be cryptographically signed might be going a bit far, but that each
one have an increasing sequence number would be quite sensible.

> * robust (will cope gracefully with failure)
This is a hard one to quantify. Most of the equipment in my home at
the moment has very simple failure modes. Most devices are either
switched on with switches right next to the power outlet, or by wall
switches maybe a few metres away connected by one thick copper wire.
There isn't much that can go wrong there, so it is going to be impossible
to build stuff that is as reliable as what I have now. I know that,
so I'm prepared to put up with the possibility that sometimes I won't
be able to switch the light off. But one thing that is generally true
now that I would like to preserve in our design is that failure of
one item probably won't affect anything else---even if I can't switch
the light on, I can work the garage door opener. This really rules
out *any* sort of central decision-making device, since its loss would
have widespread consequences. Perhaps a multiply-redundant ``central''
control system might be OK; one where each controller could take over
all by itself if the communication medium gets partitioned, and where one
controller can be outvoted by the others if it seems to be acting oddly.
That's pretty complicated though, and complicated things tend to have
lots of ways to fail in complicated ways. I would still prefer to see
each group of coupled items being able to get on all by themselves.

Another aspects of robustness: physically the modules have to stand
up to day-to-day wear. I expect the prototypes will be lashed up from
whatever bits and pieces make it work, but in the end I want everything
flush-mounted or in nice solid boxes. It needs to be proof against the
sort of hazards that get about in houses: condensation, paint, vacuum
cleaners, dusters, impact with people, pets and other objects.

> * can be built by a keen hobbyist with little or no special equipment
If I call myself a keen hobbyist, I can assume that a multimeter,
oscilloscope, signal generator, soldering iron and (of course) PC are
about the limit. I can't make PCBs and I don't have anything for dealing
with EPROMs. But as I've mentioned before, that doesn't necessarily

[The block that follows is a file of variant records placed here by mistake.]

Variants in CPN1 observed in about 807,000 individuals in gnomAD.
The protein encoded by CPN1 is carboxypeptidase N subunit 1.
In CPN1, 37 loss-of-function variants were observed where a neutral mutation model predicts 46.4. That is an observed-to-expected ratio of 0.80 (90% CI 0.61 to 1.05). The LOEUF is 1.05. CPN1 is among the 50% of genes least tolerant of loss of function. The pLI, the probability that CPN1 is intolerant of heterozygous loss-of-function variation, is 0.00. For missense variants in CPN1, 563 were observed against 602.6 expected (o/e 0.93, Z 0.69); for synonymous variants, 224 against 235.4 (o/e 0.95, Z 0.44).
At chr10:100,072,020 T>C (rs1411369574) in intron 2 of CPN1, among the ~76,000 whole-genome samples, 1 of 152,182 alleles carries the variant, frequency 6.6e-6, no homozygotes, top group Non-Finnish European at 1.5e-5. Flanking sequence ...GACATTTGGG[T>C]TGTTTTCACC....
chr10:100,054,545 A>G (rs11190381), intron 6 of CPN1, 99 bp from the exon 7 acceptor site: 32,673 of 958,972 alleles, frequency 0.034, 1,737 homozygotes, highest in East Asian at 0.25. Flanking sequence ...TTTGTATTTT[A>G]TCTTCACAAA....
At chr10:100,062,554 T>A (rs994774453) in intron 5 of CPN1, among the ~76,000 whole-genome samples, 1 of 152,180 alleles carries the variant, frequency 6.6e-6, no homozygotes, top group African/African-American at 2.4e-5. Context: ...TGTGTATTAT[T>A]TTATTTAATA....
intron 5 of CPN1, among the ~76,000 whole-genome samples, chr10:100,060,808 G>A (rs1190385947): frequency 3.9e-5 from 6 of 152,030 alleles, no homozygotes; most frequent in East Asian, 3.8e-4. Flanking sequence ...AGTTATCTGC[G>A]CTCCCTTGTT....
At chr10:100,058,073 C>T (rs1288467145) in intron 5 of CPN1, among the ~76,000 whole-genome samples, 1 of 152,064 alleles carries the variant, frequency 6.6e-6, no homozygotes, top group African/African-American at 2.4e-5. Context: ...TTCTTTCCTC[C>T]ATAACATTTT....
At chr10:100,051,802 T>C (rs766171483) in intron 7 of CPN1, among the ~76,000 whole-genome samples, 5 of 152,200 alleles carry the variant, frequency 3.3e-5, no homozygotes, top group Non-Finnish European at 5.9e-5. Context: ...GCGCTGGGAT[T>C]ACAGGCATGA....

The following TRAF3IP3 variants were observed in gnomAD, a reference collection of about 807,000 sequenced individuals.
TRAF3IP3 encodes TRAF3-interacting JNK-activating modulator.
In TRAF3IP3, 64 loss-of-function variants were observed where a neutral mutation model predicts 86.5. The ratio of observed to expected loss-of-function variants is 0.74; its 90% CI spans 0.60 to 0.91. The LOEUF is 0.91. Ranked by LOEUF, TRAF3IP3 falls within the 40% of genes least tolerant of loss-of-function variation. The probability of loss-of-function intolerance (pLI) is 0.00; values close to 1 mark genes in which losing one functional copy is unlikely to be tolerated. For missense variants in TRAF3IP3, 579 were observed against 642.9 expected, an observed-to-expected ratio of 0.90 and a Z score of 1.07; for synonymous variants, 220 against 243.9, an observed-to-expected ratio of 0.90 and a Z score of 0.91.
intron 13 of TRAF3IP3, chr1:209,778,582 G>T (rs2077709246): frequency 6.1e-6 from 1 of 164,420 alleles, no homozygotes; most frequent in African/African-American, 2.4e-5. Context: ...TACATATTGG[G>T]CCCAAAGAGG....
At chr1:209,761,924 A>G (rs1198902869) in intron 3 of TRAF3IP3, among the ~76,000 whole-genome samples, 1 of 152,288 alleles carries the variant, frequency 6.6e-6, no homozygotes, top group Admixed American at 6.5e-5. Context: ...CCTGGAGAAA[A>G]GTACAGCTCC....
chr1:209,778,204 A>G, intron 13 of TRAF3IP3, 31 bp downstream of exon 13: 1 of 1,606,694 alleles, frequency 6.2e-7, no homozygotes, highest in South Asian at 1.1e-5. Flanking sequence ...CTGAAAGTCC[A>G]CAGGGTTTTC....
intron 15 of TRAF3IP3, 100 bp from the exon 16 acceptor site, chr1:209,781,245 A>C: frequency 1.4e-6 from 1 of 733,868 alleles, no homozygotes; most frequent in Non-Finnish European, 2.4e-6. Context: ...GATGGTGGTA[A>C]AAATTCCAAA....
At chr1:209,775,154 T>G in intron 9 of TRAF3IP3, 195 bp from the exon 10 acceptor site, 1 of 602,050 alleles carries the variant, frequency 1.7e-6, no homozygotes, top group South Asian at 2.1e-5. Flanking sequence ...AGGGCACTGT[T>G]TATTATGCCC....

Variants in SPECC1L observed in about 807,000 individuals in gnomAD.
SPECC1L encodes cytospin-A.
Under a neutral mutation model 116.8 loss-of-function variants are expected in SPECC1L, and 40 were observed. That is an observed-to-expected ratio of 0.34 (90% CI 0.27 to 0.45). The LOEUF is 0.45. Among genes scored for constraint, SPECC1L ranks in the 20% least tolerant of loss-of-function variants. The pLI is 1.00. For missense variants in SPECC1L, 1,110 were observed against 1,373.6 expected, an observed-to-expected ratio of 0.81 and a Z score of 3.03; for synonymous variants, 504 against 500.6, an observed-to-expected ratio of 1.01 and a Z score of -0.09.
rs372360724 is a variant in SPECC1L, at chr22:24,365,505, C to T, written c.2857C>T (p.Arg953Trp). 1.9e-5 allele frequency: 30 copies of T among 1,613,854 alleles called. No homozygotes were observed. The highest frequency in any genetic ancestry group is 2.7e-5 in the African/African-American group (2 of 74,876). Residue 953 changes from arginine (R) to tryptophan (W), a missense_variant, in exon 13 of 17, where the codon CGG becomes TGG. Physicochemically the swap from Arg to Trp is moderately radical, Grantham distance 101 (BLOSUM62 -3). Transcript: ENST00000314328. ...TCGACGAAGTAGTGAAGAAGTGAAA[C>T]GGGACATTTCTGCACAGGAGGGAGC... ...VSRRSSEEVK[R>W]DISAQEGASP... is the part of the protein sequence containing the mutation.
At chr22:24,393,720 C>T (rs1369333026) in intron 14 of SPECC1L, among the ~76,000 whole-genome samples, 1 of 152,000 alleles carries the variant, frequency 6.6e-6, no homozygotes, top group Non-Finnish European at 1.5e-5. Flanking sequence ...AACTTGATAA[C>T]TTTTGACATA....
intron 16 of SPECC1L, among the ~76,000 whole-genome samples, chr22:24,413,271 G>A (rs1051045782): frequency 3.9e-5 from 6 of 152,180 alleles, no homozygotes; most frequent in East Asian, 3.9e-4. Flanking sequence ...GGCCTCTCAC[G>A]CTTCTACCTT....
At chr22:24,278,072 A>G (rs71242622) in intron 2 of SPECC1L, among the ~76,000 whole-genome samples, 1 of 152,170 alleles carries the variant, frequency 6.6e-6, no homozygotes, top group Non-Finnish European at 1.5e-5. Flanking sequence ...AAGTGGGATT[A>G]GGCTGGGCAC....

mean that we can't use PCBs and EPROMs since other companies (or group
members) can supply these services. Still, I would rather avoid anything
I can't build on plug-in breadboard or stripboard in the early experimental
stages, which means no chips that only come in surface-mount form.

> * modular (will operate without central control)
I have already touched on this in the robustness discussion. I don't like
the word ``modular'' for this concept anyway; to me, that carries other
connotations that are mentioned in the ``safe'' section (the black-box
idea) and the ``extensible'' section further on. I think this point
should drop the word modular and just state what it says in the brackets.

What it boils down to is that most devices should be able to get along
just talking directly to the other devices involved in their local
control loop.

> * simple (can be operated by someone who doesn't know the system)
Again, this is more complicated than it sounds. There are many ways to
interact with the system. I will be tinkering with its innards and expect
to be able to do so with reasonable convenience. Visitors will just
expect the light to go on when they press the light switch. Designing
a ``simple'' interface which does both those things might be hard.
Do the uninitiated want to be able to use the bedroom light switch to
open the curtains? Probably not. But I might want to do exactly that.
I think there has to be some compromise here. The basic controls must
closely resemble the controls that existed before. Even small changes
can be devastating. For example, I installed a touch-operated dimmer
switch some time ago, and my father still cannot operate it reliably
(it needs a short touch to toggle on/off, and a longer touch to adjust
the brightness). So I think that I (at least) am stuck with having real
switches that go click for him. But I want to have a touch-screen LCD
panel with selectable status information and a simple way to control
arbitrary devices. I don't know how to achieve that yet.

> * extensible (can accept all kinds of new device ideas)
This, I think, is the crux of the matter in many ways. All the existing
systems seem to be very inflexible: one communication medium; one (usually
simple) protocol; only a few device types. I know there is a danger that
making things too extensible makes them bloat and become inefficient,
but I think there is a middle ground. But for a counter-example, look at
the Internet: there are many different mechanisms for shifting packets about,
and the packets mean all sorts of different things but there is only one
IP protocol and it is both simple and efficient. I'm not necessarily
suggesting we adopt IP---it had different design goals after all---but it
does show that a multi-layered approach can be both flexible and efficient.
Each layer worries about one aspect of communication, but has a small
and tightly-defined interface to the layers above and below it. That
way, the protocol stack can be built up out of the interchangeable pieces
best suited to the particular situation.

At the very bottom layer, I can easily think of several sorts of
transport. I already mentioned using the mains wiring or a dedicated bus.
I experimented with 418MHz radio and found it works over adequate range
through walls and ceilings. Infra-red is great for short-distance,